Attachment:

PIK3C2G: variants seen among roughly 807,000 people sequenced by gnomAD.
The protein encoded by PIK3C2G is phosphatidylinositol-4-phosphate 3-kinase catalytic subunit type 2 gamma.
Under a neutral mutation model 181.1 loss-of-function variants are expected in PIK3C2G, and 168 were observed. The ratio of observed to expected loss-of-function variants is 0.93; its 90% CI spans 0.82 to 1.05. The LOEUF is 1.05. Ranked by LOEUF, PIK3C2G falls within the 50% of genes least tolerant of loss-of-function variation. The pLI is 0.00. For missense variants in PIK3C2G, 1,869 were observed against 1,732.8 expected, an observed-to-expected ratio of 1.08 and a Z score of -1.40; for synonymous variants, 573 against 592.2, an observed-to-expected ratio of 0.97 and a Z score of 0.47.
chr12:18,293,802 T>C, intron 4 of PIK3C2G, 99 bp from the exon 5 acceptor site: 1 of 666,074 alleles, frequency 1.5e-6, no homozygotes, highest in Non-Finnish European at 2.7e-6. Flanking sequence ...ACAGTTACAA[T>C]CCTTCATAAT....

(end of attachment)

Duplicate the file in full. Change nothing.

PIK3C2G: variants seen among roughly 807,000 people sequenced by gnomAD.
The protein encoded by PIK3C2G is phosphatidylinositol-4-phosphate 3-kinase catalytic subunit type 2 gamma.
Under a neutral mutation model 181.1 loss-of-function variants are expected in PIK3C2G, and 168 were observed. The ratio of observed to expected loss-of-function variants is 0.93; its 90% CI spans 0.82 to 1.05. The LOEUF is 1.05. Ranked by LOEUF, PIK3C2G falls within the 50% of genes least tolerant of loss-of-function variation. The pLI is 0.00. For missense variants in PIK3C2G, 1,869 were observed against 1,732.8 expected, an observed-to-expected ratio of 1.08 and a Z score of -1.40; for synonymous variants, 573 against 592.2, an observed-to-expected ratio of 0.97 and a Z score of 0.47.
chr12:18,293,802 T>C, intron 4 of PIK3C2G, 99 bp from the exon 5 acceptor site: 1 of 666,074 alleles, frequency 1.5e-6, no homozygotes, highest in Non-Finnish European at 2.7e-6. Flanking sequence ...ACAGTTACAA[T>C]CCTTCATAAT....